MPC Testimony on HB206 - Metropolitan Planning Council

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MPC Testimony on HB206

I submit this written testimony on behalf of the Metropolitan Planning Council in support of HB206.

My name is Ahmadou Dramé and I serve as the Housing and Community Development Manager at the Metropolitan Planning Council (MPC) in Chicago. Prior to joining MPC, I served as the Director of Policy at Safer Foundation. At Safer, I was involved in the passage of the Cook County Just Housing Ordinance, an ordinance that brought fair housing protections to millions of people and families with arrest and conviction records living in Cook County.

Background on Housing Issues Impacting People with Records

We have a problem in Illinois where people with records are discriminated against in their attempts to access public housing after they already paid their debt to society. We need to establish consistent admission standards for public housing throughout Illinois. And we need admission standards that provide returning residents reasonable access to public housing. HB206 achieves these goals in ways that encourage rehabilitation, public safety and housing stability.

 

Each year, more than 630,000 people reenter to society from prison in the United States—and 11 million people cycle in and out of our nation’s jails. In Illinois, more than 28,000 people are released from the Illinois Department of Corrections annually. More than 10 percent of those coming in and out of prisons and jail are homeless in the months before and after their incarceration.[i] Individuals with arrest and conviction records encounter persistent barriers to securing federally subsidized public and private housing. Underlying the housing crisis is the fact that people released from incarceration are competing for housing with the 37 million other Americans who live at or below the federal poverty level. [ii]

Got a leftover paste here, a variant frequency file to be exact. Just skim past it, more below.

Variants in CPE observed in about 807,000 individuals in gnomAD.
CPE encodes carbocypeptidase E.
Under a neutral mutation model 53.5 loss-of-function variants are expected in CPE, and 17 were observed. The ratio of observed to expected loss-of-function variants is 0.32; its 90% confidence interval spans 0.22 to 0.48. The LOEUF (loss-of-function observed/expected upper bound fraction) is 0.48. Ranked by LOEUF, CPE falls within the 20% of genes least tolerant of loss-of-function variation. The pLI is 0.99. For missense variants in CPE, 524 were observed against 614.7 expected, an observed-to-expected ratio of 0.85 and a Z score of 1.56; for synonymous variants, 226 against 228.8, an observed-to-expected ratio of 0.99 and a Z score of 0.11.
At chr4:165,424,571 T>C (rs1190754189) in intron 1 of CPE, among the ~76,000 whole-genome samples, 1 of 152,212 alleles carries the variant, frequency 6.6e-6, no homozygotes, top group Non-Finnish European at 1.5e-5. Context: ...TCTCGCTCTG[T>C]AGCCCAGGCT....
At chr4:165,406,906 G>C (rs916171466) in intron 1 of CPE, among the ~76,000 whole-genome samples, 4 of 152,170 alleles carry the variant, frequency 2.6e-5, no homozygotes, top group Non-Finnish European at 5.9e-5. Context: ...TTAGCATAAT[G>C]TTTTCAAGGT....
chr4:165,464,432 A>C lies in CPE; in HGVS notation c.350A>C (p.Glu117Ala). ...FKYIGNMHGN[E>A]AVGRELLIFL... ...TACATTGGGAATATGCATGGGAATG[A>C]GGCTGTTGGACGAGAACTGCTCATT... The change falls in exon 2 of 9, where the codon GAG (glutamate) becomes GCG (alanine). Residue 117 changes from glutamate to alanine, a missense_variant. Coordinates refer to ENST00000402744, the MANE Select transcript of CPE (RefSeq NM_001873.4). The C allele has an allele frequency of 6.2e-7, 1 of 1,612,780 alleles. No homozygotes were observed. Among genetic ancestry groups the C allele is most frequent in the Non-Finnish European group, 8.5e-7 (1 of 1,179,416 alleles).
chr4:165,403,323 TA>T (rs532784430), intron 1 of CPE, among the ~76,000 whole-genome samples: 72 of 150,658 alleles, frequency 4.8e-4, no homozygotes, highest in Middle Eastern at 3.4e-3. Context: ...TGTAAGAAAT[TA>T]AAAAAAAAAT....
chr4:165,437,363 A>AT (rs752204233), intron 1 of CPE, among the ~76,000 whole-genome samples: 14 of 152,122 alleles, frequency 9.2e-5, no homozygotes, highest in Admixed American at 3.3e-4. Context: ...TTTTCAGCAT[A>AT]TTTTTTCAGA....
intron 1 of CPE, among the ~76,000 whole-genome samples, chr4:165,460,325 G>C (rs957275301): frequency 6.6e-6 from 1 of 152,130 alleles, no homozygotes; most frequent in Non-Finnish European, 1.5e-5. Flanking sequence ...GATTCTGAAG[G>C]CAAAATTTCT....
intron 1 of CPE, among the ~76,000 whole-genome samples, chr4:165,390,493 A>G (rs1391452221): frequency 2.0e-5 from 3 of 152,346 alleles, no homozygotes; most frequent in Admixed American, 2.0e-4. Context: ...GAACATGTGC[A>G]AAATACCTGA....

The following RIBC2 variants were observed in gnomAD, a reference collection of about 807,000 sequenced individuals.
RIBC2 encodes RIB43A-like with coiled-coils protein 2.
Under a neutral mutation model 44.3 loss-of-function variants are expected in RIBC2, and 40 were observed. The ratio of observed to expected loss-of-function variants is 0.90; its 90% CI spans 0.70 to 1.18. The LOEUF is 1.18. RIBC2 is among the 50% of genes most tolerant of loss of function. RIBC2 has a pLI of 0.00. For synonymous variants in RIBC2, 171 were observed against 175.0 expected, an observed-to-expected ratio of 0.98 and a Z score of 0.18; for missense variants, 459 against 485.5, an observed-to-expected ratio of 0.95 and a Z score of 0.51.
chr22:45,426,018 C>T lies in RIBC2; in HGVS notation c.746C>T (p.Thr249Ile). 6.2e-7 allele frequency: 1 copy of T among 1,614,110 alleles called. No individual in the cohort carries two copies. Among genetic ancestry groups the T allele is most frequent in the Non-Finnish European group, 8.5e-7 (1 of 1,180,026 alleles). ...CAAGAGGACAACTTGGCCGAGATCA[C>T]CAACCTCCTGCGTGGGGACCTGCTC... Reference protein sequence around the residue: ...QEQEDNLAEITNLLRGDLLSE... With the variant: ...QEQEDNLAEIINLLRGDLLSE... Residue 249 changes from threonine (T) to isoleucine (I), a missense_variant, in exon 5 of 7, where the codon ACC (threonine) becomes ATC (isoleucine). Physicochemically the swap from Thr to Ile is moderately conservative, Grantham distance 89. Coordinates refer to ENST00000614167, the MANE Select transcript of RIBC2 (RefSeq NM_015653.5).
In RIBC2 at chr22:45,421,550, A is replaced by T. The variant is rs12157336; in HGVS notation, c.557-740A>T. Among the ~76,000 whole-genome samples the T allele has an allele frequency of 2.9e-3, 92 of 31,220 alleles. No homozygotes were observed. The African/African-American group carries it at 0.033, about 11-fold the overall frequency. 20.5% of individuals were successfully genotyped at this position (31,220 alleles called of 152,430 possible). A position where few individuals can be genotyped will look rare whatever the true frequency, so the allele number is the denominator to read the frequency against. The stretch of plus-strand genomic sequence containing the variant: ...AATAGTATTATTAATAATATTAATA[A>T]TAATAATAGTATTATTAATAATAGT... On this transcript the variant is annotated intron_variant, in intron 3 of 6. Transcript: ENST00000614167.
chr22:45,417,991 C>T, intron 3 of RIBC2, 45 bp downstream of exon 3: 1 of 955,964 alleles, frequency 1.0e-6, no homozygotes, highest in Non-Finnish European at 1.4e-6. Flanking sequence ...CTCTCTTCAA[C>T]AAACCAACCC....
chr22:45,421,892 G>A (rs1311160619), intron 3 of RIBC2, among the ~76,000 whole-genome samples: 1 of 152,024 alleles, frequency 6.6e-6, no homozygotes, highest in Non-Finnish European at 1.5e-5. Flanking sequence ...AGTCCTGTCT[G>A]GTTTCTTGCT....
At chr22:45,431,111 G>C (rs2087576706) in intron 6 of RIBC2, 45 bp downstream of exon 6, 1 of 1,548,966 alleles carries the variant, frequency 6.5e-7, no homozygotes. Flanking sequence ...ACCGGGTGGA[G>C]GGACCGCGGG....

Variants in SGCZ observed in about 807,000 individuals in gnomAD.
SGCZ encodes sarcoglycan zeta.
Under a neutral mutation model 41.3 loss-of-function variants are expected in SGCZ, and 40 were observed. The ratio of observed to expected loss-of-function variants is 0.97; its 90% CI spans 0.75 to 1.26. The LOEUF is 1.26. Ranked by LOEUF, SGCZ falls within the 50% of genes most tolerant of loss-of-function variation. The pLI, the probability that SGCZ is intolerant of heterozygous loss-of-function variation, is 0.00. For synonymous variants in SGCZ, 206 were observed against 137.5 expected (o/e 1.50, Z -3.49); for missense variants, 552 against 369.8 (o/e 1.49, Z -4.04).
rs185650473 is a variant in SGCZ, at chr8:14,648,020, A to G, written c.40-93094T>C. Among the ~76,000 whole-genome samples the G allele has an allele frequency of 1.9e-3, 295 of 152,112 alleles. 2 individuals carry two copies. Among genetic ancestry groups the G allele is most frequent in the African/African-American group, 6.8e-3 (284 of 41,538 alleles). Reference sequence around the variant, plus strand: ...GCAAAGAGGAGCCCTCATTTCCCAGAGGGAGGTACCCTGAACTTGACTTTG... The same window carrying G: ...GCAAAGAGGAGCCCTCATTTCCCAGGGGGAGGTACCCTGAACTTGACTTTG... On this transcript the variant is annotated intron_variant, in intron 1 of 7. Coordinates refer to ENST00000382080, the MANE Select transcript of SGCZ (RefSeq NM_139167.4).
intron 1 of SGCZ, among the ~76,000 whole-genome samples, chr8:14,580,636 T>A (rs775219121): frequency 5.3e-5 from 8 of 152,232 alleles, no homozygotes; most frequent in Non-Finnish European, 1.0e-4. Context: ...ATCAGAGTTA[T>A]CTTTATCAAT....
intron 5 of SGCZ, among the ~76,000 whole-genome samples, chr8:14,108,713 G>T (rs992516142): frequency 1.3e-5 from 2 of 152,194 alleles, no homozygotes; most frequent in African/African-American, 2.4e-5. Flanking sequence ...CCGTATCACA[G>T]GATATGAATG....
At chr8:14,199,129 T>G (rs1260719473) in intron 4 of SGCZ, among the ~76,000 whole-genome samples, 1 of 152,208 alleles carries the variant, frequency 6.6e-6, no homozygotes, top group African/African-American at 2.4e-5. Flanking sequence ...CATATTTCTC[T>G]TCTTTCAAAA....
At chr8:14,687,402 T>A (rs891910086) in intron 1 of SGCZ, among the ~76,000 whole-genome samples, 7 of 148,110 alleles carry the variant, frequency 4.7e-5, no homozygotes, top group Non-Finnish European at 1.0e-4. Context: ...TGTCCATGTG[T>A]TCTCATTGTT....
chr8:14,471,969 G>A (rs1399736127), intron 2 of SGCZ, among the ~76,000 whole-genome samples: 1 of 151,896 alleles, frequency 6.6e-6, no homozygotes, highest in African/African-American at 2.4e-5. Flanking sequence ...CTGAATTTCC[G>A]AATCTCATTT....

Individuals with arrest and conviction records experience wage inequality, earning 40% less than their counterparts who do not have records.[iii] Wage inequality and housing discrimination place huge strains on returning residents and their families, depriving them of a necessary foundation for a stable life, and results in several social costs when people become homeless and unemployed, relapse, or are re-incarcerated.                                                            

Housing is a stabilizing force that is also crucial component of successful reentry—a key building block that promotes steady employment, fosters mental and physical health, supports individuals in their recovery from substance use, and provides the other advantages of stable shelter that are vital to basic human wellbeing. [iv]

Inconsistent and Inequitable Admission Policies in Illinois and Throughout the US

There are four general ways in which Public Housing Authorities (PHAs) create barriers for the admission of applicants with arrest and conviction records:

  1. The use of long lookback periods for determining whether past criminal history is relevant to the admissions process;
  2. PHAs frequently consider arrests without subsequent convictions as proof of current and past criminal activity;
  3. PHAs often use overbroad categories of criminal activity that sweep in activity tenuously related to the housing provider’s public safety interest and;
  4. PHAs typically fail to use mitigating evidence as a means for overcoming criminal records-based denials.[v]

HB206 attempts to address the above issues by doing the following:

  1. Presuming rehabilitation upon release from incarceration and defining a reasonable lookback period as 6 months from the point of application.

The PHA or project owner maintains the discretion to determine that the criminal activity occurred within a “reasonable period” of time prior to the admission decision. However, the term “reasonable period” of time is not defined in the statute of regulations, therefore; some PHA’s have admissions policies that look back ten, twenty, and even thirty years for a wide variety of crimes. Admissions policies neglect to include lookback periods or specify which events in the lookback period triggered a denial. HUD has suggested that five years is a reasonable lookback period however, greater transparency is needed throughout the admissions process. [vi] Unreasonable lookback periods are posing a challenge to individuals with arrest and conviction records as applicants are unaware of how their criminal history factors into the application process. HB206 addresses the use of unreasonable lookback periods by presuming that an individual is rehabilitated upon being released from incarceration and by limiting the lookback period to six months prior to the date of application.